It's a busy and hopefully, productive time of the year.
The second is a painting I want to enter in an exhibit that is coming up, at our local zoo. The Curious Badger. I hope to complete two more images for this show as well
The 3rd painting is one that I did for a friend that recently lost her senior dog, "Grandma Greta".
I wrote a post awhile ago about a painting that I was doing for some clients, and how they didn't like it at all after telling me to do whatever I wanted.
Here is the rest of the story.
When I emailed them telling them the painting was finished and asking for feedback, I absentmindedly forgot to attach the picture of the painting. My email's have a portrait in the signature line of a blue merle aussie that I had for many years. My clients saw this and thought that was how I painted the dog but never described it to me. I was having trouble getting in touch with them as they were in the process of closing on a house and moving. After reaching them they said the dog they wanted painted had brown eyes not blue and the face was mostly black. I asked them to send more pictures and tell me which they liked best. One of the pictures they sent was one I already had on file the one I painted. I went to my clients office and explained I was confused. I also took the painting I had done along for clarification.
He really liked the painting and asked me to get it ready for shipping. By the time I returned home, he had several other requests. Below are the visuals for all to see.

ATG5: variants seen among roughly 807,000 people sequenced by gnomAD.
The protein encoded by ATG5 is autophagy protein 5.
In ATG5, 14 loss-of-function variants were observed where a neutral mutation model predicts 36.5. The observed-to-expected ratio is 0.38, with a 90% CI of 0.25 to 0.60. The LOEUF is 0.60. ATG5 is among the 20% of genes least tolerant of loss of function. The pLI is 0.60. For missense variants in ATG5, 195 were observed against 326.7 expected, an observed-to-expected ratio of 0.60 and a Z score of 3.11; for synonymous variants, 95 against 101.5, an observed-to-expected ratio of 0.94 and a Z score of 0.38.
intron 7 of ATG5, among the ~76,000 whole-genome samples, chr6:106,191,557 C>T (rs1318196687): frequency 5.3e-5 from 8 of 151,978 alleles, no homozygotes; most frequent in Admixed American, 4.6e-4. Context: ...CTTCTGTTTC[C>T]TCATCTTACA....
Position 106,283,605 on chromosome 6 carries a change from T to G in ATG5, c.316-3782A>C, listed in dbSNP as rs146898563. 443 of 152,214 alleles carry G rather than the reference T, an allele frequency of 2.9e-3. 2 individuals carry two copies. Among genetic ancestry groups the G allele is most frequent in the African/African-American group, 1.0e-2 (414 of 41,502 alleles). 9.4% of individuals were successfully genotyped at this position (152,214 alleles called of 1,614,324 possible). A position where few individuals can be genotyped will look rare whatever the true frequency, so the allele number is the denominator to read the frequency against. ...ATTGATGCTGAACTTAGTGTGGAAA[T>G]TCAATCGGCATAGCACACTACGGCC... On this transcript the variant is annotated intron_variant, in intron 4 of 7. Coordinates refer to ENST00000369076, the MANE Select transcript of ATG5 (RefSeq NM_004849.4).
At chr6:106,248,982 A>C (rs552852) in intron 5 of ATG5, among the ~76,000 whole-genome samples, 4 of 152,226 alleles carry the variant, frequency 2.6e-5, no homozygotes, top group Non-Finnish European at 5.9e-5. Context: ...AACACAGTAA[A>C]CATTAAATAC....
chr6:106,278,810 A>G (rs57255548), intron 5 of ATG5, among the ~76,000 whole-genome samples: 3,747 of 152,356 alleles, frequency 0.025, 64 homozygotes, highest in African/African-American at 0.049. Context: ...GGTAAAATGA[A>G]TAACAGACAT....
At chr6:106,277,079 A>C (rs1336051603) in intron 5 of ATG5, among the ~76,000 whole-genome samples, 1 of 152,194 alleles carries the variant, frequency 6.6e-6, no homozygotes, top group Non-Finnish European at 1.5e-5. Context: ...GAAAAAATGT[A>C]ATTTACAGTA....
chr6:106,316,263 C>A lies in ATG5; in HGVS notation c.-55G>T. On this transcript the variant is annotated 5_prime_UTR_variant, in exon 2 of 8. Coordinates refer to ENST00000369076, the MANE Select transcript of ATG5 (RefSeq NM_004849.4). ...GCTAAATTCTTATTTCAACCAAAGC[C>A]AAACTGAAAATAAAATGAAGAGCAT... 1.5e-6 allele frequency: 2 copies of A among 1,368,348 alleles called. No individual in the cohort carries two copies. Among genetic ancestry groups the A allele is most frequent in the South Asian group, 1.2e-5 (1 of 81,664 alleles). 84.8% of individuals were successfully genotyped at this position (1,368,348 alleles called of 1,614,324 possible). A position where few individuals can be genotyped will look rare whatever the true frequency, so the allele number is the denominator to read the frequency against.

I will think about this painting and remember it is not always the case when people say, we love what you do feel free to do what you think is best. I had trouble getting in touch with my clients of my current painting. But they had assured me they loved my work, I had painted their dog last year and they wanted a painting of their aunt's dog as a gift for her. They sent me 5 or 6 shots and said do what you think is best she is hard to get pictures of. I sent updates but never heard anything back. I would normally have stopped work on the painting till I received a response but given the fact that they said, do whatever I proceeded, oops! I sent pics of the finished painting today to 3 different email addresses as I wasn't sure why I had 3 email addresses but assumed one of them would get a response. The reply was, gosh this really doesn't look like her, sorry we never received your other updates, actually my wife loves it but, it just doesn't look like her to me. So chalk it up to experience, animal portraits need to be what the client thinks is right! Back to the easel.
I have been thinking about this topic a lot lately. What makes a cliche image? Is it something that is overdone? Is it portraits with big eyes? Is it an image that is pleasant but not edgy? Is it a subjective thing? Is it only in the eye of the beholder? Painting animals, I always wonder why is this not great art does it need to have deeper meaning? Do I need to strive to do images like Francis Bacon, to be cutting edge? You know when something zings, and when something is merely appealing, does that mean it is cliche?
When you do cliche photos, why are they cliche? Just because others have taken similar shots in the past, does that mean it is a cliche? We were discussing photos one day, of the kitchen, I thought I would like a shot of my pot rack, but my friend said no that would be a cliche how about the inside of a box grater, is one good and one bad? Is one better than the other?
When we produce similar images to those that have been done in the past, we learn from this, by not being an original thought is that a cliche? This is not necessarily copying something or someone, it's not plagiarism but a method of studying, learning, and growing. These methods are how we develop our eye, our sense of style.
Is this an eternal question, how to be new to come up with something different, better, newer, shinier, bolder, more in your face?
I am a painter of animals. There has always been a connection for me and this is how I share it.